Is King Coal Tossing Us Another Red Herring?
July 30, 2008
"Clean" coal, that still-mythical beast, is rearing its head once again. This time it's in the form of carbon capture and storage (CCS), the technology that promises to remove CO2 from burning coal, liquefy it, and pump it underground. CCS has been in the works for well over a decade, mostly in Europe and Canada, but has recently gained a slew of coal-go-lucky supporters in America. As Yale Environment 360 explains, the cost of retrofitting old plants for CCS is so high that it would only be practical for newly constructed coal plants.
Epa To Staff: Shut Your Trap
July 29, 2008
The EPA has instructed its staff "not to talk with congressional investigators, reporters and even the agency's own inspector general," the Associated Press reported yesterday.
Why Doha-haters Are Deluded
July 28, 2008
Over at Grist, Tom Philpott rails against the news from Doha that U.S. has offered to reduce its farm subsidies--so long as other countries open up their markets to American farm exports: What [U.S. trade rep Susan Schwab] seems to be demanding is a license to dump industrially produced U.S. farm goods onto foreign markets…Surprise, surprise. The Bush administration is using farm-subsidy cuts as a lever to pry open markets, mainly in the global south, to U.S.
Not With A Bang But A Whimper
July 25, 2008
Mount St. Helens finally stopped erupting last week...a mere four years after it began. The crater started trembling on Sept. 23, 2004, but it was only this month that scientists said that the eruption was finally over, the Seattle Post-Intelligencer tells us. Everyone had been fearing a reprise of the 1980 catastrophe when the tremors first began. (CNN kept cutting away from Kerry vs. Bush to the steaming mountain, the story notes.) But Mount St. Helens has confounded the world's volcanists by keeping it at a slow burn for the past 40 months: More than anything, scientists say, Mount St.
Mccain's Lama Love
July 24, 2008
While Obama basks in the glow of his European lovefest, McCain's also hoping for a wee sprinkling of international stardust. Tomorrow McCain will be meeting with the Dalai Lama in Colorado, where the Tibetan leader has been hobnobbing with the other bigwigs at the Aspen Institute.
Parched And Hungry In The Middle East
July 22, 2008
Middle Eastern countries are being forced to choose between food and water, The New York Times reports: For decades nations in [the Middle East and North Africa] have drained aquifers, sucked the salt from seawater and diverted the mighty Nile to make the deserts bloom. But those projects were so costly and used so much water that it remained far more practical to import food than to produce it. Today, some countries import 90 percent or more of their staples. Now, the worldwide food crisis is making many countries in this politically volatile region rethink that math.
Can The Feds Lead Us Out Of The 'valley Of Death'?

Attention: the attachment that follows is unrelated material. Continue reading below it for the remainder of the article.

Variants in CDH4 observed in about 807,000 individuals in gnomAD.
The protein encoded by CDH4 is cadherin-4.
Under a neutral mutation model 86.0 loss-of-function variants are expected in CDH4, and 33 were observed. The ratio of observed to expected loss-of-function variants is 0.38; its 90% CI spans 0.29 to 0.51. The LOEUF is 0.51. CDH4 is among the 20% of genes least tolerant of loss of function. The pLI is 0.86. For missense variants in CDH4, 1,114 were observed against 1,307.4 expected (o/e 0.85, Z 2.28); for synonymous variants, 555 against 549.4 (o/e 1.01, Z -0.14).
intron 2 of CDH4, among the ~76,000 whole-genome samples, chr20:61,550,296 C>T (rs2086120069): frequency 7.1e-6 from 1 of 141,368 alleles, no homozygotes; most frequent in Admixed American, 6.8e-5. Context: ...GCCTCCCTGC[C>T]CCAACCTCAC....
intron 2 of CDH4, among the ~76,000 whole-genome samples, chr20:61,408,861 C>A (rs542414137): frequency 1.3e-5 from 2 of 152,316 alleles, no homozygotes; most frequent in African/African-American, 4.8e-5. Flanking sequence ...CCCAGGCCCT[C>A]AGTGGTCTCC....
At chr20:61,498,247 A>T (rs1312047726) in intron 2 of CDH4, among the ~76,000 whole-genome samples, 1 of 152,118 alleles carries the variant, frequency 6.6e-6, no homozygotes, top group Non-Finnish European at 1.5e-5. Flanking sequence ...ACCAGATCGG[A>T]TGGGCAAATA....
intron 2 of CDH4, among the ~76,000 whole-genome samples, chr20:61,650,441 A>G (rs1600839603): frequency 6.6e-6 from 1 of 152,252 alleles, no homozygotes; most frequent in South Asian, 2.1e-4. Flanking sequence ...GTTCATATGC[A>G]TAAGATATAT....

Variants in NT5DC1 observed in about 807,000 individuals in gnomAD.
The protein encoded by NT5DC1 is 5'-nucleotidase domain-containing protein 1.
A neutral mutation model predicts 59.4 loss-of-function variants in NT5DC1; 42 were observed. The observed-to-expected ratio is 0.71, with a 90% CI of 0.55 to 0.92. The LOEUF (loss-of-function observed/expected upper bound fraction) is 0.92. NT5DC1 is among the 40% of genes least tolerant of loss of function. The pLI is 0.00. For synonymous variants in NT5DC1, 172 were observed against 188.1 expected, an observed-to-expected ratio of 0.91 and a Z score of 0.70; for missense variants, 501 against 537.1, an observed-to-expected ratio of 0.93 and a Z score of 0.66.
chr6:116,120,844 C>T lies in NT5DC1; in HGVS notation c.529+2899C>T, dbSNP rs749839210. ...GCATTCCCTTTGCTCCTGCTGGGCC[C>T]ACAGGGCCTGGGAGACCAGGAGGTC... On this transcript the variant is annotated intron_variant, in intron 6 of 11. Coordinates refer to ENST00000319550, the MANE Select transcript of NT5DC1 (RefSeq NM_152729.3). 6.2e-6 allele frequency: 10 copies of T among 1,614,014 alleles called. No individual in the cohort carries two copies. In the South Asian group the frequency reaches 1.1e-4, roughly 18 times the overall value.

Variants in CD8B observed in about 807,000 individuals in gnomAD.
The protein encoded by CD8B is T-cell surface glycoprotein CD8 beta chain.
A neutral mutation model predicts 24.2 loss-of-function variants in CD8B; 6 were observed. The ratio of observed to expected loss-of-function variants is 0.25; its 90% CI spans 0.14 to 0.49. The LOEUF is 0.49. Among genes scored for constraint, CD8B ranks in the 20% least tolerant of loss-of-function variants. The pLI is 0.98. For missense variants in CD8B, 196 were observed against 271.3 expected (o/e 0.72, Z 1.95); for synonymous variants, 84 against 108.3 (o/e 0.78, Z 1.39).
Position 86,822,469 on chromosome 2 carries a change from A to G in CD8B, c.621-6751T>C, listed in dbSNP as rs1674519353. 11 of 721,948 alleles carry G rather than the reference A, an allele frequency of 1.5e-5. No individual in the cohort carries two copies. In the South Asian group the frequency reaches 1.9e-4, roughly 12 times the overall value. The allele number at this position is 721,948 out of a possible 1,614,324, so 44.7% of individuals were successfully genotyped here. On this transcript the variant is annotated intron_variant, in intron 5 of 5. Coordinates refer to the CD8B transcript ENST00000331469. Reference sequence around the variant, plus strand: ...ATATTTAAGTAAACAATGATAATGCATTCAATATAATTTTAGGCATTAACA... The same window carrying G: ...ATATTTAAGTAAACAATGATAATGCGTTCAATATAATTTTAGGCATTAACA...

July 17, 2008
The Wall Street Journal ruefully points out that it will take some $3 trillion to realize Al Gore’s plan to end our dependency on carbon-based electricity by 2018. How, exactly, are we going to scrape together that kind of money? In his speech today, Gore described how “billions of dollars of new investment” have already been flowing into clean energy development, and his organization describes the growing enthusiasm of greentech venture capitalists. But at the heart of Gore’s proposal is how the government should put the foot on the (renewable) gas pedal.
The Audacity Of Courts
July 15, 2008
So the prosecutor for the International Criminal Court has formally requested an arrest warrant for Sudanese President Omar al-Bashir on charges of genocide, crimes against humanity, and war crimes in Darfur. To no one’s surprise, the Sudanese government has rejected the charges as baseless, but one criticism that’s also coming from some members of the international community is that the ICC’s actions will jeopardize the fragile humanitarian relief effort and security environment in the country.
Epa To America: Your Life Is Worth Less
July 14, 2008
From the Associated Press (via FP): The EPA has decided that the average American life isn't worth as much as it once thought. The agency lowered the statistical value of a life from $7.8 million to $6.9 million--about a $1 million drop from five years ago. The calculation is important because it figures into the agency's cost-benefit analysis of proposed regulations: Consider, for example, a hypothetical regulation that costs $18 billion to enforce but will prevent 2,500 deaths.
Green-collars On The Rise
July 10, 2008
The numbers are in... at least for 2006. According to the Worldwatch Institute, some 2.3 milion people worldwide were employed by the renewable energy industry that year, either directly or by one of their suppliers. The breakdown: wind power employs about 300,000 people, solar energy employs some 794,000 people, and biomass/biofuels account for more than 1 million jobs. The U.S.